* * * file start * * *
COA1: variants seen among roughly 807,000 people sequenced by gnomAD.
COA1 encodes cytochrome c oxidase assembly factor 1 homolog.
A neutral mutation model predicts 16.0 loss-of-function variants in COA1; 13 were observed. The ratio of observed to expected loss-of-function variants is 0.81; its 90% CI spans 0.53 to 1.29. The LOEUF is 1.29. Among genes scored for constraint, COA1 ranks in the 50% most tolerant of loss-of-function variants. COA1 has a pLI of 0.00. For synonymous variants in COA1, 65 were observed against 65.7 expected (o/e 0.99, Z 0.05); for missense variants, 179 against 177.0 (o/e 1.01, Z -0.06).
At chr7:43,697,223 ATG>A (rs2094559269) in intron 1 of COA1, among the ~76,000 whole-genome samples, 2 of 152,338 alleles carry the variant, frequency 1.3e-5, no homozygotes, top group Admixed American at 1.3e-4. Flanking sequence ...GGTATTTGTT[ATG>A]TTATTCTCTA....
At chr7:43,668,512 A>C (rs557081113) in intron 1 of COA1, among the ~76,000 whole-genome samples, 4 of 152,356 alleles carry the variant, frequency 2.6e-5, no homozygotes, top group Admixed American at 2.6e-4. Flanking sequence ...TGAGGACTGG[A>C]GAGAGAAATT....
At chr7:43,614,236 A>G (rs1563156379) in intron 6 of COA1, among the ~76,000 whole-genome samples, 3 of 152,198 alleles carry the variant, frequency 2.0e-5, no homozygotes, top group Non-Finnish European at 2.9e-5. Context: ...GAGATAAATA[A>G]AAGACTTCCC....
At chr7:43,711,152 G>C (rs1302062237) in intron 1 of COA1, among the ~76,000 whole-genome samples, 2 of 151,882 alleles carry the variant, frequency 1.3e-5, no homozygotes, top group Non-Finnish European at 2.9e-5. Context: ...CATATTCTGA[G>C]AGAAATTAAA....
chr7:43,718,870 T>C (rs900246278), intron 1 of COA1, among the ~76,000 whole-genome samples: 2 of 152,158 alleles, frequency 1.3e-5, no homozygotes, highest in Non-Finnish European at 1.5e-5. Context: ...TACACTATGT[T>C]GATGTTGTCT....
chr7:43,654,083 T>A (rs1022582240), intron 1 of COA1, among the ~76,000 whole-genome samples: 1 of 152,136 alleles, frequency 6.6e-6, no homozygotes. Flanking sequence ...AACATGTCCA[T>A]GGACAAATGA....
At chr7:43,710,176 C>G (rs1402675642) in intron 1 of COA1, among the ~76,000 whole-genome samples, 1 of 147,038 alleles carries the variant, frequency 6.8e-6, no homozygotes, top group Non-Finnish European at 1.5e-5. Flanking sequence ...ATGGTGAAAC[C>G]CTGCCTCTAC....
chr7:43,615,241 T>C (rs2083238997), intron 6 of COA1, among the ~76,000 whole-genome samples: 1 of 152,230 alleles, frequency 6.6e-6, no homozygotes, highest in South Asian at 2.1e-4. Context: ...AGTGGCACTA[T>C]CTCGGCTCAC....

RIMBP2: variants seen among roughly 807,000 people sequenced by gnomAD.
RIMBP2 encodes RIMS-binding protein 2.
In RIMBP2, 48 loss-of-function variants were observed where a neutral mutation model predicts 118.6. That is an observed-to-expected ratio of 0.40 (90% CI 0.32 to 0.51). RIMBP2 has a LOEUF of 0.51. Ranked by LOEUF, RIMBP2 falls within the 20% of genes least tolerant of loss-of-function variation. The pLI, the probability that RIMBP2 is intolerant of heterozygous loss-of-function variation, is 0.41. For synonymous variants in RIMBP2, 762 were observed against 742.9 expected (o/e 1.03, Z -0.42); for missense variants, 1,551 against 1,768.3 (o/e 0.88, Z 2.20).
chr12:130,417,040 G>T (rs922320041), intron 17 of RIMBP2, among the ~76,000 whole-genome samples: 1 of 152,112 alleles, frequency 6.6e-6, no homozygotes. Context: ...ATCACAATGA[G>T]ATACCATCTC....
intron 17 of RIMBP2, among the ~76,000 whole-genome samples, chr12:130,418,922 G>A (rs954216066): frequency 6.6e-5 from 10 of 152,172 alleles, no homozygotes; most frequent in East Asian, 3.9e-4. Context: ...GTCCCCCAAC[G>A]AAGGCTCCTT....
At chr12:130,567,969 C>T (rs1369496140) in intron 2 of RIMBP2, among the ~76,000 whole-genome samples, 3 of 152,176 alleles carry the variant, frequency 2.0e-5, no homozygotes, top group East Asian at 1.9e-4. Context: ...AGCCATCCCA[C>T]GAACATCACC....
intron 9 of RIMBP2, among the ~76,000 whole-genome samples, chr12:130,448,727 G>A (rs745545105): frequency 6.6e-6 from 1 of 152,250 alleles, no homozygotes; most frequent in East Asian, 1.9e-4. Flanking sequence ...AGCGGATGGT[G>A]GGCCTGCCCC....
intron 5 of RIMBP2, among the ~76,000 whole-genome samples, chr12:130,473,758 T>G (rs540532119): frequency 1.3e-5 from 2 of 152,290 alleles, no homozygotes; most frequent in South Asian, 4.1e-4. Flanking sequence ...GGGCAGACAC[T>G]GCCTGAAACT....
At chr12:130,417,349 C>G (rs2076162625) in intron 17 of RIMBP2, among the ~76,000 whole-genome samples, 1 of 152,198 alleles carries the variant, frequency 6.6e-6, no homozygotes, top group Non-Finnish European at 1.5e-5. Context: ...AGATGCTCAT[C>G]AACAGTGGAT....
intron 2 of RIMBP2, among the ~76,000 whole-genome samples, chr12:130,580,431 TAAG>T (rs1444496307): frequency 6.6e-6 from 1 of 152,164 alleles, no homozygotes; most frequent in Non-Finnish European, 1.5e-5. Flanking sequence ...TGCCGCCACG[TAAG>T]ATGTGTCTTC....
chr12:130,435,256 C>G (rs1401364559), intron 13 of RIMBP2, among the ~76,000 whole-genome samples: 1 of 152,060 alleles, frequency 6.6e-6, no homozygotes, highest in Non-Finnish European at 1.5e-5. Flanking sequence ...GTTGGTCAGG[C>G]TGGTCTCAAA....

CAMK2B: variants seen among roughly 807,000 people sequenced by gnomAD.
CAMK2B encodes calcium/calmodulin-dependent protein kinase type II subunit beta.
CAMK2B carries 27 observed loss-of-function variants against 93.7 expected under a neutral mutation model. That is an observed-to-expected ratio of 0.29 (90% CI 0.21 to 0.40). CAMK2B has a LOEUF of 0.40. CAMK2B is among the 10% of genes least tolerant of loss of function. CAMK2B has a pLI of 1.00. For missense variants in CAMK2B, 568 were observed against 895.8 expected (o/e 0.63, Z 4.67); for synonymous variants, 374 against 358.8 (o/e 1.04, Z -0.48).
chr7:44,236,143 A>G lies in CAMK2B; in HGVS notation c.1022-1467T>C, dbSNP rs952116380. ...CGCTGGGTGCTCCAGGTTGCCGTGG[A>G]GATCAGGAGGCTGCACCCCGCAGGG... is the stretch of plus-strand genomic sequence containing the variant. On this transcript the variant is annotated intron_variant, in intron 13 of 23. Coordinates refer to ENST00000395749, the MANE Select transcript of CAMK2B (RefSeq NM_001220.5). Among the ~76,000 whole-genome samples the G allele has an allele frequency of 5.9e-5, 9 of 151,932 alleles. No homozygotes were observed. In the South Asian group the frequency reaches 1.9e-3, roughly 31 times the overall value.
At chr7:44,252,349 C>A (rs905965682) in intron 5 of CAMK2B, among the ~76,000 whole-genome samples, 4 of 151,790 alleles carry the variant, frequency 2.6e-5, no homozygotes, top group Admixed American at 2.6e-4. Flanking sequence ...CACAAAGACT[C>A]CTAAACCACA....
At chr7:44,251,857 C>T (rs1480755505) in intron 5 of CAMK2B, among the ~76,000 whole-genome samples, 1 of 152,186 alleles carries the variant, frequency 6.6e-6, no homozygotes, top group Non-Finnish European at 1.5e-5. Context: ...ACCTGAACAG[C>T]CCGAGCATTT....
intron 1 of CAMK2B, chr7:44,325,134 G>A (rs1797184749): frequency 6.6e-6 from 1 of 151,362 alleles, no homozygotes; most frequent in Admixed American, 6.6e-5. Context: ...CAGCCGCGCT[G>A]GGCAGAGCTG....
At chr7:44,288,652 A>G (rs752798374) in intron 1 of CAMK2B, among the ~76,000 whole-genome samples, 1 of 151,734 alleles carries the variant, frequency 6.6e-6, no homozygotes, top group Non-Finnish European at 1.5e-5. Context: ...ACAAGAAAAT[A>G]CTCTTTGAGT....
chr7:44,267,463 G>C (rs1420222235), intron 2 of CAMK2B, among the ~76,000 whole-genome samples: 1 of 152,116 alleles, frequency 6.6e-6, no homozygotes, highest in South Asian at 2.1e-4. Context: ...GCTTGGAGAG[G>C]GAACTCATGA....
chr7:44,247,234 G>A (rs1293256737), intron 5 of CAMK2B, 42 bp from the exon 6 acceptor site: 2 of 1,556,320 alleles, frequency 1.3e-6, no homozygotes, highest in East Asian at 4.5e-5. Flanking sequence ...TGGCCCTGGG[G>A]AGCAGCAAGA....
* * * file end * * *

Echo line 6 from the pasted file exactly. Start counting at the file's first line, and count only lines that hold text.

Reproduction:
At chr7:43,614,236 A>G (rs1563156379) in intron 6 of COA1, among the ~76,000 whole-genome samples, 3 of 152,198 alleles carry the variant, frequency 2.0e-5, no homozygotes, top group Non-Finnish European at 2.9e-5. Context: ...GAGATAAATA[A>G]AAGACTTCCC....